MTV

Steal This Riff: How to Fix Copyright Law in Music

Miles Raymer, writing for MTV, looks at some ideas on fixing copyright law in how it relates to musicians and clearing samples:

Menell’s solution is to apply something called a compulsory license to sampling, remixing, and other derivative works. Compulsory licenses replace the process of gaining a copyright holder’s permission to make use of their original work with a flat royalty structure and a set of rules for how the work can be reinterpreted. We already have this kind of setup for cover songs: Under U.S. copyright law, anyone can perform and record any song that anyone else has written and recorded without getting their prior permission, as long as they pay a royalty to the copyright owner. This is why pop-punk bands can cover Top 40 songs, why iTunes is full of sound-alike cover versions of hit songs by artists it doesn’t have deals with, and why hip-hop producers often hire instrumentalists to play “interpolations” of musical passages they want to sample but can’t clear.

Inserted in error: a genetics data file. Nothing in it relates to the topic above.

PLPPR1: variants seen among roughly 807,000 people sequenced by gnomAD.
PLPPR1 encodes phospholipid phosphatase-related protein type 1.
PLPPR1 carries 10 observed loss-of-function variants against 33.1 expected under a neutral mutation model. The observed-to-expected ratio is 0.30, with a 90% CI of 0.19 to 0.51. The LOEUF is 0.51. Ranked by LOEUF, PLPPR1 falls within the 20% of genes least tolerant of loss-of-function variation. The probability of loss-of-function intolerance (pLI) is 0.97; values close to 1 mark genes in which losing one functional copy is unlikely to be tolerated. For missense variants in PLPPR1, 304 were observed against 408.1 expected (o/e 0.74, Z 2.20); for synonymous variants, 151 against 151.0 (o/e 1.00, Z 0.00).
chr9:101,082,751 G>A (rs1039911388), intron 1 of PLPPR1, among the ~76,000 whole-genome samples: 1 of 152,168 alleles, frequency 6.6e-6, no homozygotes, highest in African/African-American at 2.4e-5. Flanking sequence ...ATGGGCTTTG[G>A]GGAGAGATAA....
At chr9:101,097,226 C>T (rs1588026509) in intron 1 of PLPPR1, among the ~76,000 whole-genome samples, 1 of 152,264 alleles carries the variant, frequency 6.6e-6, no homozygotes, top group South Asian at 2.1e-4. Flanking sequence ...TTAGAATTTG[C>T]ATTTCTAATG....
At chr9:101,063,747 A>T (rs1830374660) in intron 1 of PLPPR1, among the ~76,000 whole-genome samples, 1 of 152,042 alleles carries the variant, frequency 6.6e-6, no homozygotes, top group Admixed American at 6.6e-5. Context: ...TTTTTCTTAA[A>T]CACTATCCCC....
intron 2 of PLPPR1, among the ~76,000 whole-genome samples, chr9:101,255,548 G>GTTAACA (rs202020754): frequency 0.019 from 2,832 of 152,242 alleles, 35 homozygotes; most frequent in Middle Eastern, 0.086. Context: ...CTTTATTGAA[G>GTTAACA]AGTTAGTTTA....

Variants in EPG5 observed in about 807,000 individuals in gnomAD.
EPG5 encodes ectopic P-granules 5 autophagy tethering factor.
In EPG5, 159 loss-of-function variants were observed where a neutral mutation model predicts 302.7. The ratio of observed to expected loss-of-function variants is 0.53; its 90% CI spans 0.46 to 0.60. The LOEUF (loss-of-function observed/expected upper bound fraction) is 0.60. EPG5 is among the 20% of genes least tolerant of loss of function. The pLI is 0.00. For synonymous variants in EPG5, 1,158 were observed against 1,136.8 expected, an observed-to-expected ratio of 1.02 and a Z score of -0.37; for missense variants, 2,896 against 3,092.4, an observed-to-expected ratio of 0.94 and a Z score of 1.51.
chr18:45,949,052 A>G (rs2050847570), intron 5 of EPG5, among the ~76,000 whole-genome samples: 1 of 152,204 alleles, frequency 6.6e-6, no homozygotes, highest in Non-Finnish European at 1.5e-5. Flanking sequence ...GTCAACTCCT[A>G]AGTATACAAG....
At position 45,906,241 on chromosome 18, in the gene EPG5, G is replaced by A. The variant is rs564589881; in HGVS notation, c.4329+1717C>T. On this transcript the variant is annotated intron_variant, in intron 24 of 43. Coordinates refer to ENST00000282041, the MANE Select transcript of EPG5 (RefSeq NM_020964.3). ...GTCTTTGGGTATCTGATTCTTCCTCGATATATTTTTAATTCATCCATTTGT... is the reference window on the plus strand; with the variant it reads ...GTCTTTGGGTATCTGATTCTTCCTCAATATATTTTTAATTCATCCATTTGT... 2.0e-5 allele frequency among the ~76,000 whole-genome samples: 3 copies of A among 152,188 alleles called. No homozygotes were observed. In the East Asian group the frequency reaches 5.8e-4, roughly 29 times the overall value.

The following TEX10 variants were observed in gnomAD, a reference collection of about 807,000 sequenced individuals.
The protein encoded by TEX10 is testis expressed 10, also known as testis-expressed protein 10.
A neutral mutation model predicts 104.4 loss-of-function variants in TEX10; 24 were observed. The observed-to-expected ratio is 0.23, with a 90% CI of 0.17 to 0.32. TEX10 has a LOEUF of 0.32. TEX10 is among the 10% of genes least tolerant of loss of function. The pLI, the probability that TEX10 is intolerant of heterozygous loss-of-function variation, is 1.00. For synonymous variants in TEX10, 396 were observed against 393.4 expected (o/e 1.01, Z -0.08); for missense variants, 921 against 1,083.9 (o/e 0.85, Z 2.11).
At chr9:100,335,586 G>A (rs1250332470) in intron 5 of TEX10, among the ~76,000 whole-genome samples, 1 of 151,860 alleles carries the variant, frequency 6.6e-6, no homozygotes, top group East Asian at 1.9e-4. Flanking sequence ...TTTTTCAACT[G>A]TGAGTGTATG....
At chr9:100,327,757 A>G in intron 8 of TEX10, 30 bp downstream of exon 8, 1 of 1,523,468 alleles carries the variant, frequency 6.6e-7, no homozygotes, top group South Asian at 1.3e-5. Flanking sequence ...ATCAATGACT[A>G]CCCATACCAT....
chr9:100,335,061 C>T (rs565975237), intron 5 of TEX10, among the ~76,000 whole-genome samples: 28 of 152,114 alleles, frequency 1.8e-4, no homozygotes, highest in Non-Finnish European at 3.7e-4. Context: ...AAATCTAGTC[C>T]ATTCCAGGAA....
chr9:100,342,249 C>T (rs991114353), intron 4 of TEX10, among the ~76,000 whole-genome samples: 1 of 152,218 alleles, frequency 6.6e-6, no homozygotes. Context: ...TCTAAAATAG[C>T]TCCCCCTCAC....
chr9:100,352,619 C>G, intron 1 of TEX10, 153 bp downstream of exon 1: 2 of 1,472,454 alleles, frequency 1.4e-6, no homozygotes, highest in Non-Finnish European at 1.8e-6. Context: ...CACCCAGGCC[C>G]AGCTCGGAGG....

Jason Tate
Jason Tate Jason Tate is the founder and editor-in-chief of chorus.fm. He can also be found at @jason_tate on Twitter and on Facebook.